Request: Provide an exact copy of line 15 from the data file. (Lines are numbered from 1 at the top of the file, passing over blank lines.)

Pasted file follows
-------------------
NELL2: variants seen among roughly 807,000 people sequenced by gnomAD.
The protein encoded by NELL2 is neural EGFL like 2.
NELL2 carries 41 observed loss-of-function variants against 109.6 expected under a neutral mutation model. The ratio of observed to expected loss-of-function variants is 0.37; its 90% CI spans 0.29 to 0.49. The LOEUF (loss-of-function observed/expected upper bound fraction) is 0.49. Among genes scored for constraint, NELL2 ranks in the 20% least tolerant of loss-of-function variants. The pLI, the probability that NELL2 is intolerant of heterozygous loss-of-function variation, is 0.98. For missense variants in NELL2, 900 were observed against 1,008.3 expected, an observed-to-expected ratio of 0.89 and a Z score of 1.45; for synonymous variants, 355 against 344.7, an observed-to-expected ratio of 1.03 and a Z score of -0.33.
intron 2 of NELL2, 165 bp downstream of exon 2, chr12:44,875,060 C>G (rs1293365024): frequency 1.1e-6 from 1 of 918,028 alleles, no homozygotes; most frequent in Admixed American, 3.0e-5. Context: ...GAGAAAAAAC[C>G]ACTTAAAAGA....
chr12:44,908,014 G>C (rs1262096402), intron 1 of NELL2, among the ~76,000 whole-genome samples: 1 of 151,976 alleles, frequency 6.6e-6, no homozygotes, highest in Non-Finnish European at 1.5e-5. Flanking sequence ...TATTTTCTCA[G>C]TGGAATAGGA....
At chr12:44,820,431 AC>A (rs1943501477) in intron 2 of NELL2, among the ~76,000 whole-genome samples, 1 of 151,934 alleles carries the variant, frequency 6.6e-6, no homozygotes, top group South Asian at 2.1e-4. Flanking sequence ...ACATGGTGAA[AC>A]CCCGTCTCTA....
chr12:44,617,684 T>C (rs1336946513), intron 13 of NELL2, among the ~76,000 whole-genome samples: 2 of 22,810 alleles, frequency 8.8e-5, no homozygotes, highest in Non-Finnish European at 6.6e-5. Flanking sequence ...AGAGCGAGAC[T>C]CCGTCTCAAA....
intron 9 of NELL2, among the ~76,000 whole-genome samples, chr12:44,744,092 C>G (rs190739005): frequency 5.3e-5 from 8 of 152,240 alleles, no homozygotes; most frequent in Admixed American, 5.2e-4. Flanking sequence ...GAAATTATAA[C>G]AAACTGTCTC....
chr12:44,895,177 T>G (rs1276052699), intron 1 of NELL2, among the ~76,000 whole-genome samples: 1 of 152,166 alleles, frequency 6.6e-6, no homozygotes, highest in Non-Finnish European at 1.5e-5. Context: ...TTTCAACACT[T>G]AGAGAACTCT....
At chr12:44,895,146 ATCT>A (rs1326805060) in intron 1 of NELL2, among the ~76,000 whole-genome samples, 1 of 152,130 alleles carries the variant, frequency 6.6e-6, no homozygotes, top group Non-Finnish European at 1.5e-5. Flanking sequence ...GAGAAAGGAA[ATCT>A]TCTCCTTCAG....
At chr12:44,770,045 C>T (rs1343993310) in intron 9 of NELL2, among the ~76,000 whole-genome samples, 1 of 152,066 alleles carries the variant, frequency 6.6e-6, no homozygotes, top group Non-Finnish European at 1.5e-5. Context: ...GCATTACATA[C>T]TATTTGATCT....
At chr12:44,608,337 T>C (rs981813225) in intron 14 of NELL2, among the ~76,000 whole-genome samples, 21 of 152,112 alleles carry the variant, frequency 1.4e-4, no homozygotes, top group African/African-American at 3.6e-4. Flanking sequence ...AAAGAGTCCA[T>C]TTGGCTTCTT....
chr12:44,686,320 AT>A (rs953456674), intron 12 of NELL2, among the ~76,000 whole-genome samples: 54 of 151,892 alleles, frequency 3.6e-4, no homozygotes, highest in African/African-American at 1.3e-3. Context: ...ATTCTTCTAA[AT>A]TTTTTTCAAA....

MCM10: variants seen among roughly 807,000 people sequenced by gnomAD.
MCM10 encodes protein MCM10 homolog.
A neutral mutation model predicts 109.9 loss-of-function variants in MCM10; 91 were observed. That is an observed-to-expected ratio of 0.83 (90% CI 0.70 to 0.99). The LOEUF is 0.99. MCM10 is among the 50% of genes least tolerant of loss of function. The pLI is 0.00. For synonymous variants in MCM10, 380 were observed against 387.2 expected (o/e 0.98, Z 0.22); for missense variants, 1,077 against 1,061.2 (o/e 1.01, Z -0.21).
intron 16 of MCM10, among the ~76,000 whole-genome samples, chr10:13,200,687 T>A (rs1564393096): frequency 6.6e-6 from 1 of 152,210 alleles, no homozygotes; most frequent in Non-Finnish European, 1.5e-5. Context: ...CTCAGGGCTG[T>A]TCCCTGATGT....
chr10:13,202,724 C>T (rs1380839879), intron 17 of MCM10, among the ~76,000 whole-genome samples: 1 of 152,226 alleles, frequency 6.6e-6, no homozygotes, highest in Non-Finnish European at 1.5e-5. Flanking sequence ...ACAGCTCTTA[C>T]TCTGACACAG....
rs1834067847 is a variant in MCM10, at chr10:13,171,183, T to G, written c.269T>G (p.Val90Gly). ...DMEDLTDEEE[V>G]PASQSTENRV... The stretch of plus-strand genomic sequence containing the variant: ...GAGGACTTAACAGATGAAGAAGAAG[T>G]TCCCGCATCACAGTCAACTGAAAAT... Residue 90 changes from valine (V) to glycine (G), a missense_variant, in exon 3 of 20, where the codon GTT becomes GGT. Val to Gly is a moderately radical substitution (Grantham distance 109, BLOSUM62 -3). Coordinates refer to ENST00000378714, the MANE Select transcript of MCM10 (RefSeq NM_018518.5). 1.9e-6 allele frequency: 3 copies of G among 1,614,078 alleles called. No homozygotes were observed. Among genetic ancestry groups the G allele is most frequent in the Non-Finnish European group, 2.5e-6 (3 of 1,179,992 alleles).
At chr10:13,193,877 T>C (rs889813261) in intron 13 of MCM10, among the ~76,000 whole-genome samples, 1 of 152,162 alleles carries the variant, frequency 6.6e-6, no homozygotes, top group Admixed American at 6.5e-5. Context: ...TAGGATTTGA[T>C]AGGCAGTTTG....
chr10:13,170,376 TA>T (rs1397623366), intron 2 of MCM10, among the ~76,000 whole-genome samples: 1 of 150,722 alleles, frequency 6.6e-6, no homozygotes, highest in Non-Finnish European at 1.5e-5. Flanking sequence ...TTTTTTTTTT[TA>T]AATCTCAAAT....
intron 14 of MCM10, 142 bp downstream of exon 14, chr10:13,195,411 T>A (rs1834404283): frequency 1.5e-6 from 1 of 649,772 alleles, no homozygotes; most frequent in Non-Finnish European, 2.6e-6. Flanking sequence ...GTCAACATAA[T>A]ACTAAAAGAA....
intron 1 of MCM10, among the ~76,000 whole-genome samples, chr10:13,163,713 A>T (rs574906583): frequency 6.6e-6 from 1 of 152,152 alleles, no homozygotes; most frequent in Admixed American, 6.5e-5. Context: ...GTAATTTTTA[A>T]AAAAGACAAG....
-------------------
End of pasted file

MCM10 encodes protein MCM10 homolog.